Today is
You are here :Home > News> Local

Chinese teachers, students share practices at creativity in education summit

( ) 2022-10-21


A Chinese student from Jiading Defu Middle School in Shanghai shares a project at the Creativity in Education Summit 2022 held in London on Tuesday. [Photo by Xing Yi/]

Educators from China joined experts and school teachers from around the world in sharing best creativity in education practices at a two-day international summit held in both Paris and London this week.

Themed around creative thinking in schools, attendees at the Creativity in Education Summit 2022 shared expertise on global policy, local action, and on interdisciplinary learning.

The summit was co-hosted by the Organisation for Economic Co-operation and Development's Centre for Educational Research and Innovation, and the Global Institute of Creativity Thinking. Representatives present were from China, the United Kingdom, Australia and the United States, among others.

In a speech on the first day of the summit in Paris, Liu Limin, president of China Education Association for International Exchange, said the Chinese government had actively formulated policies to guide students' development of core competencies and ability to innovate.

"The current curriculum program and standards have just been revised in April … which emphasize innovation with the integration of the successful experience in the development of Chinese curriculum and the learnings from the latest achievements of curriculum reform overseas," he said.

Andreas Schleicher, director for education and skills at the OECD, recognized in his speech the importance of creativity and creative teaching and learning in today's knowledge societies and emphasized we should embrace new technologies for new learning.

During a workshop held at the British Library in London on Tuesday, a creative project titled "Underwater Drones", presented by Chinese students from Beicai Senior High School, affiliated to Shanghai Maritime University, in Pudong, Shanghai, caught the attention of many British teachers.

Xue Sheng, a physics teacher at the school, explained how in the past semester he had guided students to build and upgrade a remote-controlled underwater drone, while he acted as a learning companion and reference point.

"There were times when students' questions and problems also caught me out, but I was able to engage (an) external expert to help," he said. "The process facilitated students to grow from curious rubbernecks to serious inquirers, deep thinkers, and creative problem solvers."

Edward Derbyshire, head of drama at Pate's Grammar School, noted the differences in education systems worldwide and highlighted approaches from China that could serve as examples for schools in the UK.

"The fact that it was alright for teachers to be just facilitators and collaborators with students is important," said Derbyshire. "As a teacher, I'm prepared to say to students that I don't know and let's find out together."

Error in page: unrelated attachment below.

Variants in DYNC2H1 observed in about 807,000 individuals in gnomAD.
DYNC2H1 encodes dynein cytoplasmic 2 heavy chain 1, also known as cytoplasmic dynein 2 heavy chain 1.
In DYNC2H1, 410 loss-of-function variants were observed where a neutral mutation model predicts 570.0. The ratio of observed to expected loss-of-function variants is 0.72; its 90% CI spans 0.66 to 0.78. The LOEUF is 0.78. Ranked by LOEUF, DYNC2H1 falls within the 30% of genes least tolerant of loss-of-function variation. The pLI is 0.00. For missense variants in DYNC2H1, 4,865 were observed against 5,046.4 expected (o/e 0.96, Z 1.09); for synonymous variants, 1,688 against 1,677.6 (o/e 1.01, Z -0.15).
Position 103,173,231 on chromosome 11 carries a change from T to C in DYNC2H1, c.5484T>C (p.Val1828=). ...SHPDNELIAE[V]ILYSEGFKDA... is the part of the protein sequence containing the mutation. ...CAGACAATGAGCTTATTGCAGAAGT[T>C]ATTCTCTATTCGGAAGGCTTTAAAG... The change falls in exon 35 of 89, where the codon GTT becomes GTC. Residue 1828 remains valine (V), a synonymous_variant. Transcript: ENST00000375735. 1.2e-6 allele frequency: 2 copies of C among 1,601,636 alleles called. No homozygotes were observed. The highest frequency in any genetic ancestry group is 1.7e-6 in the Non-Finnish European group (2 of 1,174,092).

In another case study, Wang Bing, principal of Jiading Defu Middle School, introduced how students in her school explored the subject of the geographical and historical formation of the "Hexi Corridor" in Northwest China, which emphasized the role of teachers as facilitators scaffolding the learning journey.

An Guiqing, professor of curriculum and instruction at the East China Normal University, said that in the latest round of national curriculum reform, interdisciplinary learning with a focus on "whole person" education had been emphasized, aiming at improving students' innovative literacy.

Laura McBain, co-interim managing director at Hasso Plattner Institute of Design, Stanford University, said she was impressed by Chinese educators' ability to uncover projects that allow students freedom and possibility to design new products and ideas with accessible materials that makes teaching creativity scalable.

Bill Lucas, chair of the advisory committee of the Global Institute of Creativity Thinking, said: "I think there is a much greater interest in interdisciplinary, more problem-based learning in China."

During the summit, a report on the progress of creative thinking in schools across the world in 2022 was published, and a research around creativity in comprehensive courses based on regional characteristics, which included practices from more than 40 schools in Shanghai over the past three years.

"These are all really good examples of where the country is going. Educators are encouraging students to be more active and creative," said Lucas.



Shanghai Auto Expo Park

Completed in March 2006 and open to the public free of charge, the Shanghai Auto Expo Park sprawls across an area of 76.67 hectares.